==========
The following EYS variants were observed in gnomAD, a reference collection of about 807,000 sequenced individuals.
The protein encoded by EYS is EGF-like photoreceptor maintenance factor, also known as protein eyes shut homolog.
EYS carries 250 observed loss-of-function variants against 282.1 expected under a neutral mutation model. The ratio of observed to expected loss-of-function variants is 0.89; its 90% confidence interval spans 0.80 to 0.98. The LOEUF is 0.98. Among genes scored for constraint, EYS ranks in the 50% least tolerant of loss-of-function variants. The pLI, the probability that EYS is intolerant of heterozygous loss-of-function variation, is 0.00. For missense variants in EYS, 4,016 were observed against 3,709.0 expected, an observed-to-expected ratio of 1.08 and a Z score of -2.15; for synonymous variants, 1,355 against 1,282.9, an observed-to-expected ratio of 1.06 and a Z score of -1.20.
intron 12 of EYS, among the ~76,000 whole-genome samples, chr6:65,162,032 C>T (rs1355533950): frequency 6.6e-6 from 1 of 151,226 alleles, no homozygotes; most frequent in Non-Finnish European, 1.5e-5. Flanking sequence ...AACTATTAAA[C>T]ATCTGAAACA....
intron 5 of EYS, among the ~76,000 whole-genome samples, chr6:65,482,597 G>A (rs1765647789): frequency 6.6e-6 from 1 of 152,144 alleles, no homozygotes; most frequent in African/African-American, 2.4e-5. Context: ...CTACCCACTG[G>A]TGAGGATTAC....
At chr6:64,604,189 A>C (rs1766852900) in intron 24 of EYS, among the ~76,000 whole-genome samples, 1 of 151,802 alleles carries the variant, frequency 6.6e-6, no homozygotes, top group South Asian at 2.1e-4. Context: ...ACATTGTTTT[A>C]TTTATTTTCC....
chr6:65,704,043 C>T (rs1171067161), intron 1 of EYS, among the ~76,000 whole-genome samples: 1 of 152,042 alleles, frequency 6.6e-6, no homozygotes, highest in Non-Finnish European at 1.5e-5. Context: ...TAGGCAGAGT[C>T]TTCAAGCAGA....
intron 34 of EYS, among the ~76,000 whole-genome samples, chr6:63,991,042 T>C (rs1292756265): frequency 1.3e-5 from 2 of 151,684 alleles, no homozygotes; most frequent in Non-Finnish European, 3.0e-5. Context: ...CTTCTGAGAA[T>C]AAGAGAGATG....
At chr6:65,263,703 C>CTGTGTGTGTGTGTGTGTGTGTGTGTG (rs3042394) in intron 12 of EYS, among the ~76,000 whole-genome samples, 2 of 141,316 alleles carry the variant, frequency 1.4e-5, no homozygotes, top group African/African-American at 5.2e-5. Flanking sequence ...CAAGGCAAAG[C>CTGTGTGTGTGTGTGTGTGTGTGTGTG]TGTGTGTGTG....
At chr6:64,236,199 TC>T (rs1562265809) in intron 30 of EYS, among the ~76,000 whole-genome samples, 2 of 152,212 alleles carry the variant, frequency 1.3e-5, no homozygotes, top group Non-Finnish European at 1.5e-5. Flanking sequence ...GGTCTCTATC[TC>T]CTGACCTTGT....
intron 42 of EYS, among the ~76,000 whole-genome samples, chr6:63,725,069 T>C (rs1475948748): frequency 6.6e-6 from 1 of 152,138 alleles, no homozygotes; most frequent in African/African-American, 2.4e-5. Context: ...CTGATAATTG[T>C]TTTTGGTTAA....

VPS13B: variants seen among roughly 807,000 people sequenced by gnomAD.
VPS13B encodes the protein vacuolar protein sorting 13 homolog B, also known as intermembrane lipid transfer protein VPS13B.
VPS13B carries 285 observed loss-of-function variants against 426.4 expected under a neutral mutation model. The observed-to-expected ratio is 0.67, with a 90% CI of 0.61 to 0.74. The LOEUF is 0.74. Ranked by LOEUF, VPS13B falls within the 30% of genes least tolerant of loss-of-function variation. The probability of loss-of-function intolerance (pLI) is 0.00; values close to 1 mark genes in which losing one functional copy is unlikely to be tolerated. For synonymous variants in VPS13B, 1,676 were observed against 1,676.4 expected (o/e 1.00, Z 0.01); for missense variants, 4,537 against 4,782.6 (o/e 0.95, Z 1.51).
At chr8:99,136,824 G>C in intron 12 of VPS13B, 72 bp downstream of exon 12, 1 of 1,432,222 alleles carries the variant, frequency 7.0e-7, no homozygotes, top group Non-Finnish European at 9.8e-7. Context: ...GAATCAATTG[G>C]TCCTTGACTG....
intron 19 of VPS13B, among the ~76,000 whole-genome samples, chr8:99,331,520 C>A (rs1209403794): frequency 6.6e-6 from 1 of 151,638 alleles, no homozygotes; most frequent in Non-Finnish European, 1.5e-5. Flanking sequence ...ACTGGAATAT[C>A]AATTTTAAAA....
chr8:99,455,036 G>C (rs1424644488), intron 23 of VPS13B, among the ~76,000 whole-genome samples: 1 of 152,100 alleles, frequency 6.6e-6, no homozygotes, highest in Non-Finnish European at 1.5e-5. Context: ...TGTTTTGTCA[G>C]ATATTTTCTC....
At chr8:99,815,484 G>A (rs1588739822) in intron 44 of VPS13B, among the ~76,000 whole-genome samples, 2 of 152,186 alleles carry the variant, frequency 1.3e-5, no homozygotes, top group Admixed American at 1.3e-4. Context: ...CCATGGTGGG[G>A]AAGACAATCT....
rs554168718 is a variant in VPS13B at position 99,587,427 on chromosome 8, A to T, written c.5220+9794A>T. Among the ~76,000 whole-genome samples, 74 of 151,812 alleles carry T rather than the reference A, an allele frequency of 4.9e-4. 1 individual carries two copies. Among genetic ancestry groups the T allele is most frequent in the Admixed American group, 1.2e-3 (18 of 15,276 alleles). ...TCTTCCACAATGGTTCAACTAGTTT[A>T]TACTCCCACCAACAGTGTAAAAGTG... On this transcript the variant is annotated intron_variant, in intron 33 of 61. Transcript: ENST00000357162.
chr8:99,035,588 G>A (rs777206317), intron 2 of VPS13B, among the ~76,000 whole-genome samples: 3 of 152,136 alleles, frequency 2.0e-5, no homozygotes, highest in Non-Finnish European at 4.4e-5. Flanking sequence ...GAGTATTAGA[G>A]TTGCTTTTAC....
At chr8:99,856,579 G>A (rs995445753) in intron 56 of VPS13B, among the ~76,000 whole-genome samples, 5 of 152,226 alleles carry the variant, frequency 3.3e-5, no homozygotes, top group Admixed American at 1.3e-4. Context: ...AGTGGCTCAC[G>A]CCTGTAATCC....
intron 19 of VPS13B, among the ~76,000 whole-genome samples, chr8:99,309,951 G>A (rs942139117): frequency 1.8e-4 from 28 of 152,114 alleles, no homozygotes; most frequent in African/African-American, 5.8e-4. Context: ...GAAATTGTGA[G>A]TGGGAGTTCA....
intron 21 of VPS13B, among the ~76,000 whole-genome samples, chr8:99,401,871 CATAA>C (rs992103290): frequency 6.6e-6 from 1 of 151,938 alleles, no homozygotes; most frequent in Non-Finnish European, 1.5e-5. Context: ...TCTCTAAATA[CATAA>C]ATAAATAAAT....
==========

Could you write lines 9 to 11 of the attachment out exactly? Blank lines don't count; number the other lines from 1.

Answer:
At chr6:65,263,703 C>CTGTGTGTGTGTGTGTGTGTGTGTGTG (rs3042394) in intron 12 of EYS, among the ~76,000 whole-genome samples, 2 of 141,316 alleles carry the variant, frequency 1.4e-5, no homozygotes, top group African/African-American at 5.2e-5. Flanking sequence ...CAAGGCAAAG[C>CTGTGTGTGTGTGTGTGTGTGTGTGTG]TGTGTGTGTG....
At chr6:64,236,199 TC>T (rs1562265809) in intron 30 of EYS, among the ~76,000 whole-genome samples, 2 of 152,212 alleles carry the variant, frequency 1.3e-5, no homozygotes, top group Non-Finnish European at 1.5e-5. Flanking sequence ...GGTCTCTATC[TC>T]CTGACCTTGT....
intron 42 of EYS, among the ~76,000 whole-genome samples, chr6:63,725,069 T>C (rs1475948748): frequency 6.6e-6 from 1 of 152,138 alleles, no homozygotes; most frequent in African/African-American, 2.4e-5. Context: ...CTGATAATTG[T>C]TTTTGGTTAA....